Examining the Impact of Sexual Stereotyping in Black Women
Butler, Ebony 1982-
MetadataShow full item record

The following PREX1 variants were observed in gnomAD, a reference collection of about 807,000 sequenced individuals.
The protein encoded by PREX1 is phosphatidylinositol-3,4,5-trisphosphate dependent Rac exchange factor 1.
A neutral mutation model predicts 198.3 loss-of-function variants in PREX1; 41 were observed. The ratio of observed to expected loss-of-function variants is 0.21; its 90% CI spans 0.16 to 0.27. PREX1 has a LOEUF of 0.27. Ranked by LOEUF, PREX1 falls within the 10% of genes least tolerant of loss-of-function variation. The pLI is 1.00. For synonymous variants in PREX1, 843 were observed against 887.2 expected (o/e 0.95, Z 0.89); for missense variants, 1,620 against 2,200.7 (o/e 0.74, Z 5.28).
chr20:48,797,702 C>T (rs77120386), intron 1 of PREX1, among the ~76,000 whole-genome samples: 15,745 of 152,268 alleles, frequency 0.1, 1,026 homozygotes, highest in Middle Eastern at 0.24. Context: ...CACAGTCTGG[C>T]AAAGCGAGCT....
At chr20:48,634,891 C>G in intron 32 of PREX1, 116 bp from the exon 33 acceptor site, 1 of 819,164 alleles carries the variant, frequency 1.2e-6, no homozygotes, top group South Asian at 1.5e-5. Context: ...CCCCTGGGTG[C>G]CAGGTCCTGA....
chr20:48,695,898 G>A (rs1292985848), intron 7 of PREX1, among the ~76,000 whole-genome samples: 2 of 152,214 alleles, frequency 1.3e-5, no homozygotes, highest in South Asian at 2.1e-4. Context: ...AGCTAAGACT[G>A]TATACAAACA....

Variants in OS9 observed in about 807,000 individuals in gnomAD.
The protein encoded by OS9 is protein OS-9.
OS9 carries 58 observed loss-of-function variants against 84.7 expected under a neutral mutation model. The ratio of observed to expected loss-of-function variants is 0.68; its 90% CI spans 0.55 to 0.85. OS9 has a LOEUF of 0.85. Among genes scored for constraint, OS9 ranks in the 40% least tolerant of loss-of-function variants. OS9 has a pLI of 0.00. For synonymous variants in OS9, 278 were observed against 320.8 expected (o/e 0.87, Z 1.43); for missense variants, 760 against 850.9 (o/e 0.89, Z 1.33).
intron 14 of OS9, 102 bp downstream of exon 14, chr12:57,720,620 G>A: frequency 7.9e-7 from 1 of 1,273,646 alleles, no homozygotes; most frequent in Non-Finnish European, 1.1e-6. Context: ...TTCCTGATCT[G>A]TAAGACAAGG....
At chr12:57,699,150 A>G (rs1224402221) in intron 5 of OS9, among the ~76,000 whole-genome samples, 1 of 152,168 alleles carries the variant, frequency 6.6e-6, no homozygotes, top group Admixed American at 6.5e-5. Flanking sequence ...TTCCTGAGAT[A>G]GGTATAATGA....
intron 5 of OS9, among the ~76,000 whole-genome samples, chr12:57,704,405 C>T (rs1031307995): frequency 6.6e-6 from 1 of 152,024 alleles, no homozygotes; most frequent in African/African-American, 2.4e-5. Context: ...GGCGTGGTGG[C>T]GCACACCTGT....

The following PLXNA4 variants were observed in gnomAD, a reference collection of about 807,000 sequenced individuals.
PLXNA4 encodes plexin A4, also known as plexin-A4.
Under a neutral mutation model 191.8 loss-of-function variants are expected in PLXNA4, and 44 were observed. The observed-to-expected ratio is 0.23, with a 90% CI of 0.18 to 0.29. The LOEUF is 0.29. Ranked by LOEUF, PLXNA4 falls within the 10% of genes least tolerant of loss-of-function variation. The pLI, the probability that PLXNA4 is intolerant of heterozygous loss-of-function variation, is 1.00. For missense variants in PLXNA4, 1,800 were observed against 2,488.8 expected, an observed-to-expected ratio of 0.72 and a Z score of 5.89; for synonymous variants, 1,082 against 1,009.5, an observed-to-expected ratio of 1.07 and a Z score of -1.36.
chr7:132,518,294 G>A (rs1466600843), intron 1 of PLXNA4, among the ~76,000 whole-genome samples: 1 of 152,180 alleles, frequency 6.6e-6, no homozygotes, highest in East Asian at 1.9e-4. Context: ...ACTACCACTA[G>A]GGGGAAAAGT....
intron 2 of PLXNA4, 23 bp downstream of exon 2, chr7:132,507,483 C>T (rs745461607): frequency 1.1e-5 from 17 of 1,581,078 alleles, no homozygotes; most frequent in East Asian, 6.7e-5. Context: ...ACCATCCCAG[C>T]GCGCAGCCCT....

Among all women in the U.S., African American women are the most likely to experience denigration and sexualization (Eckert & McConnell-Ginet, 1999) due to being devalued as human beings and sexually objectified. The U.S. is plagued with a history of oppression of Black women based on their race, gender, and class. These intersecting forms of oppression have resulted in the devaluation of Black women and the promotion of negative stereotypes regarding their sexuality. The hip hop culture has been an outlet where the promotion of stereotypes of Black women has been normalized and accepted. Within this medium Black women are depicted as promiscuous, money-hungry, loud-mouthed, and manipulative individuals. Such widespread and culturally-accepted negative sexual stereotypes of Black women can have grave impacts on the way Black women view themselves and negotiate their sexual experiences. Black women with frequent exposure to the negative sexual stereotypes in the hip hop culture may internalize the negative images of themselves and develop cognitive sexual schemas based on those images. A large amount of hip hop videos depict women as having great sexual desire and as sexually uninhibited and these depictions serve as representations for how women should view themselves (Roberts 1996; Stephens and Few, 2007). Because risky sexual behavior and STIs are disproportionately prevalent among Black women, the current study explored the relations between internalized sexual stereotypes, Black women’s self-schemas and their self-reported risky sexual behavior. The study addressed two important research questions by examining two predictor variables (internalization of hip hop scripts and sexual self-views) and one outcome variable (risky sexual behavior). The internalization of hip hop scripts was assessed using the Hip Hop Explicit Racial-Sexual Stereotypes Scale (HHERSSS; Coleman et al., unpublished) and sexual self-views was assessed using the Sexual Self Schema Scale (SSSS; Andersen & Cyranwoski, 1994). The research questions were: (a) Is there a relationship between the internalization of hip hop sexual scripts and Black women’s self-views?; and (b) Is there a relationship between the internalization of sexual scripts and self-reported engagement in risky sexual behavior? Based on theory and the existing literature, the following hypotheses were formed: (a) Higher scores on the Freak, Gold Digger, and Baby Mama subscales of the HHERSSS will be related to more positive sexual self-schema scores; and (b) higher scores on the Freak, Gold Digger, and Baby Mama subscales of the HHERSSS and higher sexual self-schema scores will be related to higher risky sexual behavior scores. Results from 342 African American women who identified as consumers of the hip hop culture revealed a significant relationship between sexual scripting and sexual self-schema. However, results did not reveal significant relationships between higher hip hop sexual scripting scores and positive sexual self-schemas, as expected. Specifically, a significant relationship between women’s endorsement of the Baby Mama script and conservative sexual self-views emerged. These findings are inconsistent with the hypothesis that higher scores on the Freak, Gold Digger, and Baby Mama subscales are related to more positive sexual self-schema scores. With regard to women’s sexual behavior, analyses yielded a significant relationship between both the internalization of hip hop sexual scripts and sexual self-schemas and self-reported risky sexual behavior, which support the hypothesis that higher scores on the Freak, Gold Digger, and Baby Mama subscales and higher sexual self-schema scores are related to higher risky sexual behavior scores. Furthermore, Freak subscale scores and positive sexual self-schemas were found to significantly predict the variance in self-reported risky sexual behavior.